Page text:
Although economic forecasts for Manitoba were, as of mid-2011, quite positive, risks and challenges remain. Commodity prices are by nature volatile and, given the structure of international commodity markets, are likely to remain so. The longer term trend is likely to be a rising one, but movements around that trend, both up and down, will put pressure on producers and communities that produce and transport those commodities. Commodity traders can partially protect themselves against price changes through futures markets, and our economy garners some protection through diversification. For individual producers, workers and communities, however, additional supports are warranted, including income support programs, credit availability, and access to public services.
The Bank of Canada has pushed interest rates to historically low levels, and rate increases do not appear imminent. Core inflation remains well within the Bank of Canada’s target band, and the weak growth of the Canadian economy suggests that The Bank of Canada will stay the course.
Manitoba manufacturers, exporters, and numerous service sector producers continue to be squeezed by our dollar’s rapid appreciation. The adverse effects of a relatively weak US dollar for many Manitoba producers could be offset by a strong economic recovery in the US. As of mid- 2011, the strong US recovery has remained elusive, and the challenges have been exacerbated by the political difficulties that country has experienced over its fiscal arrangements.
These factors mentioned above – commodity prices, interest rates, exchange rates, US economic growth – are all important for the Manitoba economy, but they lie beyond Manitoba’s control. Public sector activity, including fiscal policy, is, by way of contrast, an important economic lever controlled by the province. It has served the province well in terms of stabilising the economy since the outbreak of the crisis. When growth rates rebounded, debate on the appropriateness of continued fiscal stimulus resurfaced. Both the federal and provincial governments had initially indicated a protracted, multi-year path to the re-establishment of fiscal surpluses. The federal government suggested in the 2011 election campaign that a return to fiscal surpluses could be accelerated. This would lessen the stimulus provided by the public sector, and places greater ex ante reliance on the private sector covering any shortfall. Manitoba needs to be concerned about where the fiscal retrenchment will occur especially given that economic growth is now faltering globally. Looking ahead, concerns will surface over federal transfer payments, the terms of which will be negotiated between Ottawa and the provinces after 2014. In light of the federal leaning towards less spending, continued stimulus at the provincial level over the medium term would be prudent. This stimulus can be adjusted downwards if a number of the above mentioned exogenous factors move improve, and/or if the private sector in the province initiates a sustained surge in investment. Too rapid a return to a position of fiscal surpluses risks the loss of some of the economic momentum we’re presently enjoying.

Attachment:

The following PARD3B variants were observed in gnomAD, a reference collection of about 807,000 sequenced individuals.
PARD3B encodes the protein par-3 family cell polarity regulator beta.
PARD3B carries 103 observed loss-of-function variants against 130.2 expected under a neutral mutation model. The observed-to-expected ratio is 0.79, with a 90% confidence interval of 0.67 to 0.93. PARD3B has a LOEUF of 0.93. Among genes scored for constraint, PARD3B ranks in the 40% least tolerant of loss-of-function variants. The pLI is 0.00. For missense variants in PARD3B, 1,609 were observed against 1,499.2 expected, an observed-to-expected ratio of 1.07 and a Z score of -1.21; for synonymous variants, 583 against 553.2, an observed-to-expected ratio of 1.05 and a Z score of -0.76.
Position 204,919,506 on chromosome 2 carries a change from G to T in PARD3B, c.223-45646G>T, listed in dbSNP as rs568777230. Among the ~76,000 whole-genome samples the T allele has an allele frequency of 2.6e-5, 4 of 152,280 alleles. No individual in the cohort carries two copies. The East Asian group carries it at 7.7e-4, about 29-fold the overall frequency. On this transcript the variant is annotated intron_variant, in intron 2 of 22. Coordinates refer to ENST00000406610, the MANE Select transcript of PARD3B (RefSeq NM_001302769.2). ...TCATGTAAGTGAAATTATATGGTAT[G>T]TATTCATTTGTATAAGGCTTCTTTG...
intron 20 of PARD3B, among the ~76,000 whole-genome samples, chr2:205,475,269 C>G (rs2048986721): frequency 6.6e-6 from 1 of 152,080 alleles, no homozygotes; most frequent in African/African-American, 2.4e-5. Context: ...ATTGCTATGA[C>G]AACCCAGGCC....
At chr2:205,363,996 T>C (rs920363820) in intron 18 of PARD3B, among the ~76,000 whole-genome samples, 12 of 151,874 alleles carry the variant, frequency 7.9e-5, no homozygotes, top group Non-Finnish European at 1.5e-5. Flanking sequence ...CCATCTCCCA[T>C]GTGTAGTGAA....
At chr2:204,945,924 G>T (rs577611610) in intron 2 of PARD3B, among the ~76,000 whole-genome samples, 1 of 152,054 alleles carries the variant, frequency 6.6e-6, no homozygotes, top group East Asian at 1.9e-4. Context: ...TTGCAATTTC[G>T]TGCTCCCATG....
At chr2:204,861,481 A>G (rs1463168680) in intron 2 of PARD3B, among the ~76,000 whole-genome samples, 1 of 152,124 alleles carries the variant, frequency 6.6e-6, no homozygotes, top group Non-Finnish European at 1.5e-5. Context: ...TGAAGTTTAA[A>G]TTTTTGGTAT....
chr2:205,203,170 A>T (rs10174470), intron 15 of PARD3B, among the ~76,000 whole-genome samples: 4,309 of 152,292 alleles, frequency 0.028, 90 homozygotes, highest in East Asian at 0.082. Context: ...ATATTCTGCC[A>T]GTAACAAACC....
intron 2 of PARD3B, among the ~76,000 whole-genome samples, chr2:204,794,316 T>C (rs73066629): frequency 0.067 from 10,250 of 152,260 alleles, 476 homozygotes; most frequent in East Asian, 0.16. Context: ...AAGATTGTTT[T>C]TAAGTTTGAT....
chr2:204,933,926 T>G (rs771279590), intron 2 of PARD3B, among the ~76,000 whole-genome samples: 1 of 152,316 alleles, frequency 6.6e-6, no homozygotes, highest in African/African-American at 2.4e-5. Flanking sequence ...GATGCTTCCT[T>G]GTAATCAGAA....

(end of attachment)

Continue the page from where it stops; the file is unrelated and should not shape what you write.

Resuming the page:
Despite some very significant improvements, poverty still is far too prevalent, with high concentrations found in Winnipeg’s inner city and in a number of remote communities. The task of achieving economic gains without ecological pains remains immense. There is also the challenge of fashioning the economy so that it supports and embodies fundamental human and political ideals, such as broadening participation and economic decision making by the people and communities directly affected. Here too there have been some notable successes, such as the recent agreements between Manitoba Hydro and selected First Nations Communities, but the scope for further progress is as vast as the economy itself. It has been shown that progress of this kind need not be dependent on preconditions such as an economy that has fully recovered from a slowdown or a crisis. Reinvigoration of the economy and a reinvigoration of the democratic process go hand in hand.
Fletcher Baragar is an economist at the University of Manitoba and a CCPA Mb. research associate.
by Shauna MacKinnon
There has been much talk about privatization in these days leading up to the October 4th election.
While nobody but Hugh McFadyen knows for sure what he will do if elected, the NDP have shown that his record certainly suggests an ideological bent toward privatization.
The NDP has focused on McFadyen’s role in the privatization of Manitoba’s telecommunications crown corporation (MTS), past comments McFadyen has made regarding Manitoba Hydro, as well as comments made by former city councilor and Seine River Conservative candidate, Gord Steeves regarding privatization of the Manitoba Public Insurance Corporation (MPIC). The NDP has pointed out that these are examples of what a Conservative government led by Hugh McFadyen can be expected to do.